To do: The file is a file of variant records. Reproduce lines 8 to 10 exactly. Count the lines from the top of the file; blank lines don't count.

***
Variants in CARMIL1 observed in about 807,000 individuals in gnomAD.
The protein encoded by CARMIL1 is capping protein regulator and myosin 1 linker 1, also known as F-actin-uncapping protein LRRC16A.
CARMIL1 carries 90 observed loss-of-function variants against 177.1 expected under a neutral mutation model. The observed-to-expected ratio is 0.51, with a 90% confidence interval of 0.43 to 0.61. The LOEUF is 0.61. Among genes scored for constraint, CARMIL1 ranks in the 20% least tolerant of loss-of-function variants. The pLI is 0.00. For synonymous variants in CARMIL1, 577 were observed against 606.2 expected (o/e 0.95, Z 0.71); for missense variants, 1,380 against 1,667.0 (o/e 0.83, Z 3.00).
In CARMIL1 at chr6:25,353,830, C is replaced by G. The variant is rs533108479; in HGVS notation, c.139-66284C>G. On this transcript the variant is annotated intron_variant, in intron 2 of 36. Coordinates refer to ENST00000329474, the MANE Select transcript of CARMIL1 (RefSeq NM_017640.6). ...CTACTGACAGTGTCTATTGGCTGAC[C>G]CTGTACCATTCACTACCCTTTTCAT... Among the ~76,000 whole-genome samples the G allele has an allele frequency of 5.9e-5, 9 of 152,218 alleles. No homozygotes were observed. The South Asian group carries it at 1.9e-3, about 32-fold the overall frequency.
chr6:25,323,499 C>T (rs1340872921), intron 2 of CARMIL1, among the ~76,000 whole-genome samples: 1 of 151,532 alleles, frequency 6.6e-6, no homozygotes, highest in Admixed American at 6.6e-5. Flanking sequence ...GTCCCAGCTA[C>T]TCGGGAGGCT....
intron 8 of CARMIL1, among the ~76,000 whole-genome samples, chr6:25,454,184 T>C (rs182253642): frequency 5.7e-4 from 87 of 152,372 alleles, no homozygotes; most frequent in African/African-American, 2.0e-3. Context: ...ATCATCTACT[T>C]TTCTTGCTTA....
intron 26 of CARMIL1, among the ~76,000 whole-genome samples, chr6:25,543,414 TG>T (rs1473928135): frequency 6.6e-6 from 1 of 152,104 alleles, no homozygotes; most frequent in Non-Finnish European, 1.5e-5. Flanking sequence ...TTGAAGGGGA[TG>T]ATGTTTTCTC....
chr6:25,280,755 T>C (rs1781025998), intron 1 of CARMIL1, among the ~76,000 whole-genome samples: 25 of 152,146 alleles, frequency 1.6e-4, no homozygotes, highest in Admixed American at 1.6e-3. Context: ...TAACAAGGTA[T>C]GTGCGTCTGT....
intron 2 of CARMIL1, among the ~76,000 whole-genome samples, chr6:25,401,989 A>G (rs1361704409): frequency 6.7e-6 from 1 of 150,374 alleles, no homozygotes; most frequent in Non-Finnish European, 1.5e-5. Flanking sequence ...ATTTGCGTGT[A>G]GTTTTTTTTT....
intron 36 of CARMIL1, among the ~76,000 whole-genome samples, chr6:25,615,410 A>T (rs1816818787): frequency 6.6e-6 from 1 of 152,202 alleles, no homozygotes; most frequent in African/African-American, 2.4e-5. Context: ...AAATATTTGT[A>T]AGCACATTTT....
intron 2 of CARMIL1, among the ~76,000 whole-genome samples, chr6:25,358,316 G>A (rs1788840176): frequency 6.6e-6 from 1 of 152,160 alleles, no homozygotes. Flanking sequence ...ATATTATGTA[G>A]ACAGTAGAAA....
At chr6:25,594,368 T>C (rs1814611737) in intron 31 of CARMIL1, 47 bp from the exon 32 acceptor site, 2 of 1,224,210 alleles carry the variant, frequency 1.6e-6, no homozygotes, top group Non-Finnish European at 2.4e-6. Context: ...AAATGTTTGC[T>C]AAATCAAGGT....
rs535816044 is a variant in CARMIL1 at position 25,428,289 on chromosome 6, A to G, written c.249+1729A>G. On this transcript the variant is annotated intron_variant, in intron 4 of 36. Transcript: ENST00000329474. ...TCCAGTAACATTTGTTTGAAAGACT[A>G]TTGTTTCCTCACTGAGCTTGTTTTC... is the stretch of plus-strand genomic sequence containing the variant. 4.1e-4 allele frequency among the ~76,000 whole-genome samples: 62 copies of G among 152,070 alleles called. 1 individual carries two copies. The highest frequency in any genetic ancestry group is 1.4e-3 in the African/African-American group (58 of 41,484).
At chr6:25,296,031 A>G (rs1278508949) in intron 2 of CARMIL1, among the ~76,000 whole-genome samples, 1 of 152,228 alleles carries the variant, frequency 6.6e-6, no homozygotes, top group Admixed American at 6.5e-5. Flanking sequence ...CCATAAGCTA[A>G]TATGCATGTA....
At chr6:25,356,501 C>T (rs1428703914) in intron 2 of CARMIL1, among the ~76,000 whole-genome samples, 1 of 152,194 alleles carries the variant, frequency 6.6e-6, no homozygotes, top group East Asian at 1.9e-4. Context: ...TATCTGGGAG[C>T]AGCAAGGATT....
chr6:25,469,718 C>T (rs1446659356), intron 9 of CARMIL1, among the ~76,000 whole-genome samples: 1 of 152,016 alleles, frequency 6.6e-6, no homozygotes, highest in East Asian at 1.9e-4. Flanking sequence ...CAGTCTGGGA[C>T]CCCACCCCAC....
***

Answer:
chr6:25,280,755 T>C (rs1781025998), intron 1 of CARMIL1, among the ~76,000 whole-genome samples: 25 of 152,146 alleles, frequency 1.6e-4, no homozygotes, highest in Admixed American at 1.6e-3. Context: ...TAACAAGGTA[T>C]GTGCGTCTGT....
intron 2 of CARMIL1, among the ~76,000 whole-genome samples, chr6:25,401,989 A>G (rs1361704409): frequency 6.7e-6 from 1 of 150,374 alleles, no homozygotes; most frequent in Non-Finnish European, 1.5e-5. Flanking sequence ...ATTTGCGTGT[A>G]GTTTTTTTTT....
intron 36 of CARMIL1, among the ~76,000 whole-genome samples, chr6:25,615,410 A>T (rs1816818787): frequency 6.6e-6 from 1 of 152,202 alleles, no homozygotes; most frequent in African/African-American, 2.4e-5. Context: ...AAATATTTGT[A>T]AGCACATTTT....